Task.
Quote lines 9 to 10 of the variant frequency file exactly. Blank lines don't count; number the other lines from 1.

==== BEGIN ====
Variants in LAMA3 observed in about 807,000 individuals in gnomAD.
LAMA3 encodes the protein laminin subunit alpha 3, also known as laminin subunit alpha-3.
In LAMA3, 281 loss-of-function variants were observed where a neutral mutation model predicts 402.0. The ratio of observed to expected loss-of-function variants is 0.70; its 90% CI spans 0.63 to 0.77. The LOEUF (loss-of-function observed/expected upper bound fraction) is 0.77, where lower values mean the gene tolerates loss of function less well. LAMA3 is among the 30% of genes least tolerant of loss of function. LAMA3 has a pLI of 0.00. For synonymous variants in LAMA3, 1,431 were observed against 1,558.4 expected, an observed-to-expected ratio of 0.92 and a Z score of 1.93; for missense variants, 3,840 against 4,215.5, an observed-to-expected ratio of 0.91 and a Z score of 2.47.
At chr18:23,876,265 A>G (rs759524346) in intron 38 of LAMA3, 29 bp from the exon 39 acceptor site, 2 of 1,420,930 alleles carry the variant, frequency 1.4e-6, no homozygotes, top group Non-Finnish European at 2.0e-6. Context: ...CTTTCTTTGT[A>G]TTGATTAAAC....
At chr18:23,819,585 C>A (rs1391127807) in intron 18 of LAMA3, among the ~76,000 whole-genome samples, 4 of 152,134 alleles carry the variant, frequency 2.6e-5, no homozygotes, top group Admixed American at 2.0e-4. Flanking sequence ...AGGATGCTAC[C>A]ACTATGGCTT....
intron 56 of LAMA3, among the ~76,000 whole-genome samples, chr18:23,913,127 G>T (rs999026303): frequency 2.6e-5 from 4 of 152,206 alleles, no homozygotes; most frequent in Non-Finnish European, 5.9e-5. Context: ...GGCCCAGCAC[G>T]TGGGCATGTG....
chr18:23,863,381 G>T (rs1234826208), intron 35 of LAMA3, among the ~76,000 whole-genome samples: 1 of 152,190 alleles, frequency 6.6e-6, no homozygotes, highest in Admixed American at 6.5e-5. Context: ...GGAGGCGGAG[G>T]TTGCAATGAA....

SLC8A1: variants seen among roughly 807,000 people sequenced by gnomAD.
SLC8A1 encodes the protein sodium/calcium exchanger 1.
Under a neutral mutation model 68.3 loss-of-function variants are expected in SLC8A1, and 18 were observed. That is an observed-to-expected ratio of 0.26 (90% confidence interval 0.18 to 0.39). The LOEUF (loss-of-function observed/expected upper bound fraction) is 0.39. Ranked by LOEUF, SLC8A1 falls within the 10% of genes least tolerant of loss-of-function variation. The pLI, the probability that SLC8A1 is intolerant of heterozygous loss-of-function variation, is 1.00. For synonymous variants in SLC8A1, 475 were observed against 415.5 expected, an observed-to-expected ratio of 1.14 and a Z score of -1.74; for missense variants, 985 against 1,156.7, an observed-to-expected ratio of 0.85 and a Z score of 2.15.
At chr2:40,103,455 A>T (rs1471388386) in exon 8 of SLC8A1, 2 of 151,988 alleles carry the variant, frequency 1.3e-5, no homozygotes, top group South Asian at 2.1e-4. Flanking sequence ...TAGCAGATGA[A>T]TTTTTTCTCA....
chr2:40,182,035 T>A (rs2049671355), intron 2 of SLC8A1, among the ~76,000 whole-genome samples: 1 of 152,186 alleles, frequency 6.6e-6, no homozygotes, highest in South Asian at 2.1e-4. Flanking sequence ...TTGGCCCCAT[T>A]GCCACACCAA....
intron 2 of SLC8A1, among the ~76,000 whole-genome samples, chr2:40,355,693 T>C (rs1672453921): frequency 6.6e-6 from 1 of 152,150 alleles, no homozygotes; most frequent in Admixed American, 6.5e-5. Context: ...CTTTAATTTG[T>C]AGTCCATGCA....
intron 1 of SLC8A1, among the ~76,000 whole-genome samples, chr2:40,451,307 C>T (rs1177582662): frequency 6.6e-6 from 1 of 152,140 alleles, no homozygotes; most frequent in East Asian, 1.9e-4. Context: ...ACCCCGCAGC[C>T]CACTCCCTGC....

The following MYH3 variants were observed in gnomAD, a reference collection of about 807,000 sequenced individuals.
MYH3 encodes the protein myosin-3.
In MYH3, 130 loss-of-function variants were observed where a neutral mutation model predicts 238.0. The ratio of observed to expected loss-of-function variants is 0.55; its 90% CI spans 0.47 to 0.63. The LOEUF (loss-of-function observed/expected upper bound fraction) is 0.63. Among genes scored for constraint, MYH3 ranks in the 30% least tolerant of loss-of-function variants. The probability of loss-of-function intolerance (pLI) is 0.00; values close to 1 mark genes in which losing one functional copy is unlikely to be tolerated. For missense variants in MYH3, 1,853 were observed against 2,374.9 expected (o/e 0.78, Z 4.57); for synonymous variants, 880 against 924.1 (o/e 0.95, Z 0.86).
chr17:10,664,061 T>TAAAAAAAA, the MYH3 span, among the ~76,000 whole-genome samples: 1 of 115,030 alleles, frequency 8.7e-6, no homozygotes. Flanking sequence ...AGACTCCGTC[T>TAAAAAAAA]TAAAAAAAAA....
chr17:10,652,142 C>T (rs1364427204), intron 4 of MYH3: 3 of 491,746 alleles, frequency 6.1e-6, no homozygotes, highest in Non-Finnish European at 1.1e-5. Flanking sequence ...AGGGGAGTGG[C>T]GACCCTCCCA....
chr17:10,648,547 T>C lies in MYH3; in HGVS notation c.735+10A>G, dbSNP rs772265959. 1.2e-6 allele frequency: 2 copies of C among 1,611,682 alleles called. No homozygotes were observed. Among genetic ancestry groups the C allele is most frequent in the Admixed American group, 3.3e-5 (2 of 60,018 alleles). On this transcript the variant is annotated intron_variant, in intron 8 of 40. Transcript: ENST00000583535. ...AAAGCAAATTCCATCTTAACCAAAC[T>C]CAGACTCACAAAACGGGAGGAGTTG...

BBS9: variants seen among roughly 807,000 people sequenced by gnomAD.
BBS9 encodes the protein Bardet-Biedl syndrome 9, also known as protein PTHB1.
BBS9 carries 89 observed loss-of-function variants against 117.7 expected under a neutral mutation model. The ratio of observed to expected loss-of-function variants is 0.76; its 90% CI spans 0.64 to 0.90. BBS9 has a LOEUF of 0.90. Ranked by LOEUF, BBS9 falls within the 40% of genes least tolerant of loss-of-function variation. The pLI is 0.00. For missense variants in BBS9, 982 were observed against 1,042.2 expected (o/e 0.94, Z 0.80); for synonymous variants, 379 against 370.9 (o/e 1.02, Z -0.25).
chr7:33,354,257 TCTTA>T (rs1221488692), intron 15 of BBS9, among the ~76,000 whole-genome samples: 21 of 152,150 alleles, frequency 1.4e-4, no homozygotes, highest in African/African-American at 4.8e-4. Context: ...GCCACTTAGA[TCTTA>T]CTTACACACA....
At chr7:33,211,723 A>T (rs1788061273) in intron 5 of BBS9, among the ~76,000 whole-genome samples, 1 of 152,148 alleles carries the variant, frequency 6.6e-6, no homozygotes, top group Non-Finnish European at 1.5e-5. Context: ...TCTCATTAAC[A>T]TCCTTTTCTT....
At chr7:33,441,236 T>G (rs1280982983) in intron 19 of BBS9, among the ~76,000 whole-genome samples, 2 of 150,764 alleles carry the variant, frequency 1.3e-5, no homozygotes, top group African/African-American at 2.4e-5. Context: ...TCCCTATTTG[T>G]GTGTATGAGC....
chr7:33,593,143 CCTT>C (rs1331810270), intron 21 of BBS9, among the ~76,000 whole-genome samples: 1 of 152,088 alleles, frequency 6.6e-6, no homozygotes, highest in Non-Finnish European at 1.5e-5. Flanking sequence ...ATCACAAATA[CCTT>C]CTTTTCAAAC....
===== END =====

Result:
SLC8A1 encodes the protein sodium/calcium exchanger 1.
Under a neutral mutation model 68.3 loss-of-function variants are expected in SLC8A1, and 18 were observed. That is an observed-to-expected ratio of 0.26 (90% confidence interval 0.18 to 0.39). The LOEUF (loss-of-function observed/expected upper bound fraction) is 0.39. Ranked by LOEUF, SLC8A1 falls within the 10% of genes least tolerant of loss-of-function variation. The pLI, the probability that SLC8A1 is intolerant of heterozygous loss-of-function variation, is 1.00. For synonymous variants in SLC8A1, 475 were observed against 415.5 expected, an observed-to-expected ratio of 1.14 and a Z score of -1.74; for missense variants, 985 against 1,156.7, an observed-to-expected ratio of 0.85 and a Z score of 2.15.